The Kitchen Puzzle
A great kitchen remodel begins with amazing design, which requires a creative and talented kitchen designer. One such designer is Diane Bohstedt, owner of D + B Kitchen Design Concepts (www.dbkitchendesignconcepts.com). Diane’s work inspires me. I am hoping her words below inspire you as you begin thinking about your kitchen remodel.
- The first step is figuring out what you want the end result to be. When you buy a jigsaw puzzle, the box shows the completed picture. So think of the final result. Buy magazines, go to Websites, talk to people. Visualize the final result.
- Select your team (designer, architect, contractor). All members of the team should be selected up front, and should meet with you at the very beginning of the project.
- Your team helps you determine the shape of the puzzle pieces (how the kitchen lays out). We do this by asking questions such as:
- Why is your current kitchen not working?
- How many chefs will there be?
- Will you use the kitchen for entertaining?
- Will the kitchen be a gathering spot for the family?
These questions get to the function of the kitchen. For example:
- If there is only one chef, you may opt for a traditional “triangle” configuration, with the sink, refrigerator and oven close together
- If there are two chefs, you may want two sinks, two cooktops, etc. You may even want “zones” with a prep zone, baking zone, clean up zone, etc.
- If the kitchen is a gathering place, you may want a large island or bar where the kids can sit and do their homework. You might even want a small refrigerator in the island.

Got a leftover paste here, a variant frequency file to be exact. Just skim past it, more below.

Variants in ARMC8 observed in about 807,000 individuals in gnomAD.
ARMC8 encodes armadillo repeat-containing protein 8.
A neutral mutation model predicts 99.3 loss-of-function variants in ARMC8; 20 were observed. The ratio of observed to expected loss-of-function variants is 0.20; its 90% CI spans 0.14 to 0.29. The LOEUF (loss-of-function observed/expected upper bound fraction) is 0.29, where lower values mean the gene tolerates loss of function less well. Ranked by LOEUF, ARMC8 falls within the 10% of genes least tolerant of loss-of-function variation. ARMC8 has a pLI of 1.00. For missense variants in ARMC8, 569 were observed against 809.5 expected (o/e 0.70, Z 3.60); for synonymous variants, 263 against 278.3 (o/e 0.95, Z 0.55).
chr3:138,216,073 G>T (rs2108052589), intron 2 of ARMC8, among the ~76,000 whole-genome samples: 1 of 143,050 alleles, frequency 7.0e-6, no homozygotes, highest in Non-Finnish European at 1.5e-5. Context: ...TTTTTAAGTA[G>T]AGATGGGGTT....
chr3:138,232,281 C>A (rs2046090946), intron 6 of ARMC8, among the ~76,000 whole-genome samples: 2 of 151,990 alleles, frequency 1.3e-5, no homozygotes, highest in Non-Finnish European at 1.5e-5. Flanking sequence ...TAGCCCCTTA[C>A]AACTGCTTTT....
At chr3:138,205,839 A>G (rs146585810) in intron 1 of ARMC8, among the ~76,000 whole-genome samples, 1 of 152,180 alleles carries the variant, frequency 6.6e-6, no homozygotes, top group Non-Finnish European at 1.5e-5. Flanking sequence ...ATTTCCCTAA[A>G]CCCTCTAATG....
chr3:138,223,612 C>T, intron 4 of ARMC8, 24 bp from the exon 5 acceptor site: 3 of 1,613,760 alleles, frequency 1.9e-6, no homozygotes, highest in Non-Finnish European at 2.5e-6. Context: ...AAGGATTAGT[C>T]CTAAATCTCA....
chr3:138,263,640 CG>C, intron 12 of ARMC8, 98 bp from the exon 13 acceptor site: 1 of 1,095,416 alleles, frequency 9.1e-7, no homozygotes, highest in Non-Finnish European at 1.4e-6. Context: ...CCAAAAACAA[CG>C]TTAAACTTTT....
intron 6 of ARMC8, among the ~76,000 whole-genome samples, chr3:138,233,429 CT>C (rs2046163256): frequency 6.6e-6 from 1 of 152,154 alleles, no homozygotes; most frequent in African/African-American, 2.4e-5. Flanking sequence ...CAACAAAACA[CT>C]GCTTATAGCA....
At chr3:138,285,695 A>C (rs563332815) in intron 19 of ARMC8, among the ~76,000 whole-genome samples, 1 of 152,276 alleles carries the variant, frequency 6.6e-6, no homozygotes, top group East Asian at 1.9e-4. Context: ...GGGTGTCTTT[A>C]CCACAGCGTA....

- We then get into the form of the kitchen. This is what most people think about; what they want the kitchen to look like. This is where we determine style and select everything. This includes:
All these should be purchased prior to the first hammer being swung. What you do not want to have happen is have your project stalled while you are waiting for materials.
- While all this is being done, the architect and contractor will deal with the mundane yet critical areas behind the scenes such as electrical, plumbing and HVAC.
- Then the final piece – the actual work – is put into place. The pieces may not always fit together smoothly, so make sure there is frequent and transparent communication between you and your team
Diane and Michael
PS. For a case study on a kitchen we collaborated on, go to http://www.michaelmenn.com/case_study_residential_kitchen.html